by Dave Miller
June 27, 02013
With Oregon finally finding out its NCAA fate on Wednesday, the eyes of the college football world now turn to Coral Gables, where Miami (FL) awaits word on its possible sanctions.
Of course, whenever an NCAA decision is handed down to a school it's easy to begin to compare transgressions and penalties of the past while wondering if a verdict was just or not. But as we often hear from NCAA officials, each case is judged on its own. And as we have seen throughout the years, the only consistency regarding the NCAA is inconsistency.
The NCAA's Committee on Infractions has always been very unpredictable, and penalties really do vary widely from case to case, whether it has involved SMU, USC, Ohio State, Penn State, etc. So schools really have no idea what could possibly be in store for their future when the COI prepares to hand down penalties.
Miami (FL) president Donna Shalala was not happy with the NCAA's botched investigation.
Because Miami was accused of committing more than one major infraction, this case is much different than that of Oregon. Perhaps the only saving grace for the Hurricanes is that former Ducks head coach Chip Kelly was the subject of perhaps the harshest punishment, which was an 18-month show-cause penalty. Of course, Kelly isn't returning to the college game anytime soon. But still, the three years' probation and two scholarships lost are less than a slap on the wrist for the Ducks.
So Miami is likely hoping that the most severe punishments are dished out to those who are no longer with the program, most notably the assistants that apparently committed violations with rogue booster Nevin Shapiro.
But the biggest ray of hope for the 'Canes is that they could catch a break because of their cooperation throughout the investigation. The NCAA certainly goes lighter on programs that are more open to working together during a probe, which Miami has done. The 'Canes were very proactive by self-imposing a two-year postseason ban. As the NCAA stated on Wednesday, Oregon was "fully cooperat[ive] throughout the entirety of the investigative stage." And certainly it seems that Miami was cooperative during the probe as well.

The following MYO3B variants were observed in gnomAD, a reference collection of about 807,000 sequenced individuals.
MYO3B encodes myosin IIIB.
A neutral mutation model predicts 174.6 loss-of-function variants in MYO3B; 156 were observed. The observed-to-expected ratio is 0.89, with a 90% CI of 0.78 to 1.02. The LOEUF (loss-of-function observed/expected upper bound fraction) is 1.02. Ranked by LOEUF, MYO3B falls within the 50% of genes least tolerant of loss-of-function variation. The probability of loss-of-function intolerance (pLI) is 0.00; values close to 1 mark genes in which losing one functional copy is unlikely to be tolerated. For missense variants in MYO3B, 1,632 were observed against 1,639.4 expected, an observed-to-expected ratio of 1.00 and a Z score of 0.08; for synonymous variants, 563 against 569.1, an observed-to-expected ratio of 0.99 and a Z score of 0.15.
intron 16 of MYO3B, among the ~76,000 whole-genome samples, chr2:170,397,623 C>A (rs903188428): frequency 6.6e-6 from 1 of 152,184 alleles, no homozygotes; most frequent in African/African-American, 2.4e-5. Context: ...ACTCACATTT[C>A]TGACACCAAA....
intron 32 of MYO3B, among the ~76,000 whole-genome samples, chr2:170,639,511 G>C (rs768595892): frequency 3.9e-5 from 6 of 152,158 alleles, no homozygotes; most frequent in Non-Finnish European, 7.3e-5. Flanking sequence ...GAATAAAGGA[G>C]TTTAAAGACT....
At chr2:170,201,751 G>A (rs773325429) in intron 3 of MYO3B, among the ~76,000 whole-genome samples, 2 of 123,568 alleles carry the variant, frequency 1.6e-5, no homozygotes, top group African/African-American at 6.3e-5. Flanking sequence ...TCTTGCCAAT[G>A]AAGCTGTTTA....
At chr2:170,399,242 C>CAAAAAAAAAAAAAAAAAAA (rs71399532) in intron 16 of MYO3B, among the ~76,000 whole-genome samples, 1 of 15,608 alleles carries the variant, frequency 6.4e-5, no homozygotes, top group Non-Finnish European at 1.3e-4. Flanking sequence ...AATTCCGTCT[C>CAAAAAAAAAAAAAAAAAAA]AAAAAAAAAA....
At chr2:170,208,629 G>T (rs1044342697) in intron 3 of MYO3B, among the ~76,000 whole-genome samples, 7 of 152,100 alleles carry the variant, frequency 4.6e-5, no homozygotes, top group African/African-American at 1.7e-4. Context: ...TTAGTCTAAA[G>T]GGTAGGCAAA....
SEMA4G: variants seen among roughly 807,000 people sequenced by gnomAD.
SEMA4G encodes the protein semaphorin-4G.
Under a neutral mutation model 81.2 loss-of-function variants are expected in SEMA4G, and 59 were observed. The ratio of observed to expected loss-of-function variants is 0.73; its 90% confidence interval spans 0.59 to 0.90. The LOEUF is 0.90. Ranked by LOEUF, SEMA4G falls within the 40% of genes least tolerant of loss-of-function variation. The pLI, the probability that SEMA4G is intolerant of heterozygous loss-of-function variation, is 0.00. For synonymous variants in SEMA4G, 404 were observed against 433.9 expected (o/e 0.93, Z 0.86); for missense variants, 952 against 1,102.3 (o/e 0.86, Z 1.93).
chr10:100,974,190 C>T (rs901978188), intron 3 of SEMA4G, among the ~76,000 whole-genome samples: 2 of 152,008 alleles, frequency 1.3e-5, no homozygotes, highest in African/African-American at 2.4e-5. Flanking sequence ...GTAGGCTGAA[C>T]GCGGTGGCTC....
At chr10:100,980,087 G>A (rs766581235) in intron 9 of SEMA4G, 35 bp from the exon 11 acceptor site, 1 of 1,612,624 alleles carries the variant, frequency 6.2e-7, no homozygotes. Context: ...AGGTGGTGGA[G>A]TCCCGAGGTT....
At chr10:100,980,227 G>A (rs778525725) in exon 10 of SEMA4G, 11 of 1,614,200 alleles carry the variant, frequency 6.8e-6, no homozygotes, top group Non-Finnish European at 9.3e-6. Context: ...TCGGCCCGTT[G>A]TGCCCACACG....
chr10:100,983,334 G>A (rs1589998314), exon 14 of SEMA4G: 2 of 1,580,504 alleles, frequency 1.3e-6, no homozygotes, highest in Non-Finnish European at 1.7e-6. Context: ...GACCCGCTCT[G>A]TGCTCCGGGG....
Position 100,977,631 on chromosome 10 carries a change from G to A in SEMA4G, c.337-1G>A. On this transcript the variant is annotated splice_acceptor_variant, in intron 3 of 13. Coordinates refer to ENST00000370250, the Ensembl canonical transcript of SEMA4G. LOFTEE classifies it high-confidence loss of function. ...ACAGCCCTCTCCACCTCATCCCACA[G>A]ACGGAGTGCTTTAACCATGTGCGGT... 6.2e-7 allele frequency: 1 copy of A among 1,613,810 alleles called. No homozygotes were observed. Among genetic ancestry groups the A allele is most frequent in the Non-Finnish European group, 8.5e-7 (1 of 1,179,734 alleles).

Even though university president Donna Shalala has maintained that the worst should be over for the 'Canes, especially after the NCAA admitted to a botched investigation, we still don't know how the COI will rule in this case. But Miami should feel good about its impending fate, all things considering.
Miami brought these Shapiro allegations to the NCAA nearly three years ago. It's amazing that a process can take so long. But in this case, it could work out for the best for The U.
We'll find out in perhaps as early as a month from now what penalties the 'Canes face. But from everybody I've talked to in Coral Gables, they believe that the self-imposed two-year bowl ban will be the worst of the penalties, with probation and some scholarship losses on the horizon for Al Golden and his staff.